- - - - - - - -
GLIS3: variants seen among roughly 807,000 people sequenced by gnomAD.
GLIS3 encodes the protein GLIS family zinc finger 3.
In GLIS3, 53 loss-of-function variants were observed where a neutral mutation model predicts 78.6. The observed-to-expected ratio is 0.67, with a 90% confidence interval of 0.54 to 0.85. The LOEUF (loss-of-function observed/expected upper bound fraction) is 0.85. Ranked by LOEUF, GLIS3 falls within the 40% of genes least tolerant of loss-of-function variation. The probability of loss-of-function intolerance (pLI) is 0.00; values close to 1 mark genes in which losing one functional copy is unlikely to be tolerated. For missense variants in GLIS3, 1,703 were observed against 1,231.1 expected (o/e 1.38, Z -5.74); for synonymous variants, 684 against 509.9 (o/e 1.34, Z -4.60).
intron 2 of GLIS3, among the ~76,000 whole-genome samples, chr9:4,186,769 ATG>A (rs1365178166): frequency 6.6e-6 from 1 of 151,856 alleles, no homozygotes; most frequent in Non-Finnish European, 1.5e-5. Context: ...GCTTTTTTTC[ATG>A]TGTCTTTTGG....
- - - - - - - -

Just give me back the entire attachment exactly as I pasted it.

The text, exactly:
GLIS3: variants seen among roughly 807,000 people sequenced by gnomAD.
GLIS3 encodes the protein GLIS family zinc finger 3.
In GLIS3, 53 loss-of-function variants were observed where a neutral mutation model predicts 78.6. The observed-to-expected ratio is 0.67, with a 90% confidence interval of 0.54 to 0.85. The LOEUF (loss-of-function observed/expected upper bound fraction) is 0.85. Ranked by LOEUF, GLIS3 falls within the 40% of genes least tolerant of loss-of-function variation. The probability of loss-of-function intolerance (pLI) is 0.00; values close to 1 mark genes in which losing one functional copy is unlikely to be tolerated. For missense variants in GLIS3, 1,703 were observed against 1,231.1 expected (o/e 1.38, Z -5.74); for synonymous variants, 684 against 509.9 (o/e 1.34, Z -4.60).
intron 2 of GLIS3, among the ~76,000 whole-genome samples, chr9:4,186,769 ATG>A (rs1365178166): frequency 6.6e-6 from 1 of 151,856 alleles, no homozygotes; most frequent in Non-Finnish European, 1.5e-5. Context: ...GCTTTTTTTC[ATG>A]TGTCTTTTGG....